One very important application of plasma technology is the hydrophilic treatment. This procedure is done to modify surfaces to have a strong attraction to water. This is the opposite of hydrophobic treatments which make surfaces repel water. Some materials are naturally hydrophobic, meaning water beads up into droplets and it does not spread out evenly onto the surface. This can be problematic if you want to paint this surface or you want to attach something to this surface because paints and glues will not adhere well to it. When a surface undergoes hydrophilic treatment, it increases that objects surface energy. When an object has high surface energy, it has a high adhesion capability.
How Hydrophilic Treatment Works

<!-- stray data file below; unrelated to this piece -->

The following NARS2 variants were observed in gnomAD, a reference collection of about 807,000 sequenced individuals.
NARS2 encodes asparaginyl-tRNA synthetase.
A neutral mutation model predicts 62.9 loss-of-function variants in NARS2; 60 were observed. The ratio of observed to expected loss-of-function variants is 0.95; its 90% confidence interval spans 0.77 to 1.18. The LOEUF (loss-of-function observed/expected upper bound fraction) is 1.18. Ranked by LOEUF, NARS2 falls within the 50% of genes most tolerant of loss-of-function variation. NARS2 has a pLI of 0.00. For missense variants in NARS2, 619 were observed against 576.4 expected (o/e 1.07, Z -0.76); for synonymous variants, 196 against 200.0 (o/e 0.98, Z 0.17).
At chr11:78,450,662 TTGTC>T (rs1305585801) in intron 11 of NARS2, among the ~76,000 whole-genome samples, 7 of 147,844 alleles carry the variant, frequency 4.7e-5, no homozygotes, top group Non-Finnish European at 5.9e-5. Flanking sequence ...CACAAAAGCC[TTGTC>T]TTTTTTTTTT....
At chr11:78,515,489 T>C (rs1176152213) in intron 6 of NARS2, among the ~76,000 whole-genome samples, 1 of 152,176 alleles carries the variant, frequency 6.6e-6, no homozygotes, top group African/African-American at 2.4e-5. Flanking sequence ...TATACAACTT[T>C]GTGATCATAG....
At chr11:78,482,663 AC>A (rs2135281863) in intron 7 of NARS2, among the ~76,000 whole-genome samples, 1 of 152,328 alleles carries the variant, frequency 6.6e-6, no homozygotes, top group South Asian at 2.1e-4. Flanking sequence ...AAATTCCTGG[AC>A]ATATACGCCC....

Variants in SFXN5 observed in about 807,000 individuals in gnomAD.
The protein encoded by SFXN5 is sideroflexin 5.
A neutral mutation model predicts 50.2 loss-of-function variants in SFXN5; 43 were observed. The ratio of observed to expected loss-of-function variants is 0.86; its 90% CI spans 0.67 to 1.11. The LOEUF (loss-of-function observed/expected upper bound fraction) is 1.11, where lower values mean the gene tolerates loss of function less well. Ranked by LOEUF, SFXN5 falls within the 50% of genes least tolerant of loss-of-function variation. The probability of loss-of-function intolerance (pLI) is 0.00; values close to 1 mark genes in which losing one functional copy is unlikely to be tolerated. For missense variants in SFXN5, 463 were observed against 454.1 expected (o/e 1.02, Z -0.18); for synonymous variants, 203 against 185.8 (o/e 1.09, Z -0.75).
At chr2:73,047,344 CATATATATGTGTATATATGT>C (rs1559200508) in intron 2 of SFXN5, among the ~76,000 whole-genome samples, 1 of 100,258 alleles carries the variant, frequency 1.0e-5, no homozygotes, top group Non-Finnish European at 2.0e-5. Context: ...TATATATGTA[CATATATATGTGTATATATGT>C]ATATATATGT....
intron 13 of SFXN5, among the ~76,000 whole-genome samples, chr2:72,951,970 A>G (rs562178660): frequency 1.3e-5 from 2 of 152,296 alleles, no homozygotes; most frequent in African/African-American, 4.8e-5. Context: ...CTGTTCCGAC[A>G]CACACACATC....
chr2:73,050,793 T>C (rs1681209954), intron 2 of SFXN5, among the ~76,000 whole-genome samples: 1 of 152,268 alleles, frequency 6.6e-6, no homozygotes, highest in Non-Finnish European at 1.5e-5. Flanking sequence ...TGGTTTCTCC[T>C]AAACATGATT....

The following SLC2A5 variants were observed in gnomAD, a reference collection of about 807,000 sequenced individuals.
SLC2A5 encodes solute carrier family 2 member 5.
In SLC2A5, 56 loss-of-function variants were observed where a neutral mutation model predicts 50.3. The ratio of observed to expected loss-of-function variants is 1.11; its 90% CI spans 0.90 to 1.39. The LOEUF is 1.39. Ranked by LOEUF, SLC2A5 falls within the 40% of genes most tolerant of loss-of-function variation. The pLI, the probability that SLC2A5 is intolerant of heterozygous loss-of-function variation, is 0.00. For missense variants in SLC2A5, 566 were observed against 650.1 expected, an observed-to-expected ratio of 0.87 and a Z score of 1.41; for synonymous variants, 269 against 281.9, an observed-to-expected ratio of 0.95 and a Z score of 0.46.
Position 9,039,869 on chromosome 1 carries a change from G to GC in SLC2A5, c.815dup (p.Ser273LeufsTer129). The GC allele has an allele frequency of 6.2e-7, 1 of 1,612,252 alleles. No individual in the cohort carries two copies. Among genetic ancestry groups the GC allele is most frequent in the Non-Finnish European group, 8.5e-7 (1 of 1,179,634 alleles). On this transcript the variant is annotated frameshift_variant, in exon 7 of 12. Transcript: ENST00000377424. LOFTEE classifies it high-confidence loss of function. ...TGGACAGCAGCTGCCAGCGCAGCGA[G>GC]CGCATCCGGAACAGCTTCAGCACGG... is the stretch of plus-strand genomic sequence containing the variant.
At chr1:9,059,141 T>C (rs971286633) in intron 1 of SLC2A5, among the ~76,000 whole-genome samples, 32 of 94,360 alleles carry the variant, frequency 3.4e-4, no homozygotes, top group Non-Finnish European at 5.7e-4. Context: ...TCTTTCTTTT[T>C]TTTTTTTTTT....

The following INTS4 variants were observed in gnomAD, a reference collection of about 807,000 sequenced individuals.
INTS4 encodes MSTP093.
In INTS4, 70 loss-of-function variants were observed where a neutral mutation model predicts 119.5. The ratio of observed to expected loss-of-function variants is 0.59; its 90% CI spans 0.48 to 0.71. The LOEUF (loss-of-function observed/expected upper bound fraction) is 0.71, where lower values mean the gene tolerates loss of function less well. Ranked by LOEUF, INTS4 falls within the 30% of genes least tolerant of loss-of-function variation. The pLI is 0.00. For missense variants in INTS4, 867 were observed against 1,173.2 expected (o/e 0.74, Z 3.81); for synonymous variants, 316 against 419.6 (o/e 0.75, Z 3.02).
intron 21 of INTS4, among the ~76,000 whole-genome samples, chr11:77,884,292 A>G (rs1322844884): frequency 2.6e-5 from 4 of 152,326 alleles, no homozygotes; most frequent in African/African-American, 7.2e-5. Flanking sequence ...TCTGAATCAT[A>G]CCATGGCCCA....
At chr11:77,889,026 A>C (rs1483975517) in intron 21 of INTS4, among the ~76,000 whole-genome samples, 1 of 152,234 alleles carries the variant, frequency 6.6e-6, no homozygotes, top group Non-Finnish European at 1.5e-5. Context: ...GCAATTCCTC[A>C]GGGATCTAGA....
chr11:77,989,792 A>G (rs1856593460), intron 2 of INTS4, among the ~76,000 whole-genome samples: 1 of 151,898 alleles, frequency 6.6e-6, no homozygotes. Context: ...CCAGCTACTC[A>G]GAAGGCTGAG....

Thierry can use its low-pressure plasma systems to perform hydrophilic treatments on objects of various sizes and shapes. The target object is placed within an airtight chamber. Next the pressure of the chamber is lowered by using a vacuum to remove all of the air. Then, to begin the hydrophilic treatment, a precursor gas is inserted into the chamber where the combination of energy and a low-pressure causes the gas to ionize and become plasma. The excited plasma ions collide with the surface, microscopically changing the geometry of the surface. Specifically, during a hydrophilic treatment, the surface undergoes oxidation and the bombarding plasma ions form hydroxyl groups on the surface. These hydroxyl groups are polar, and since water is polar, it is attracted to them. Ultimately, this is what enhances the surface’s wettability and adhesion.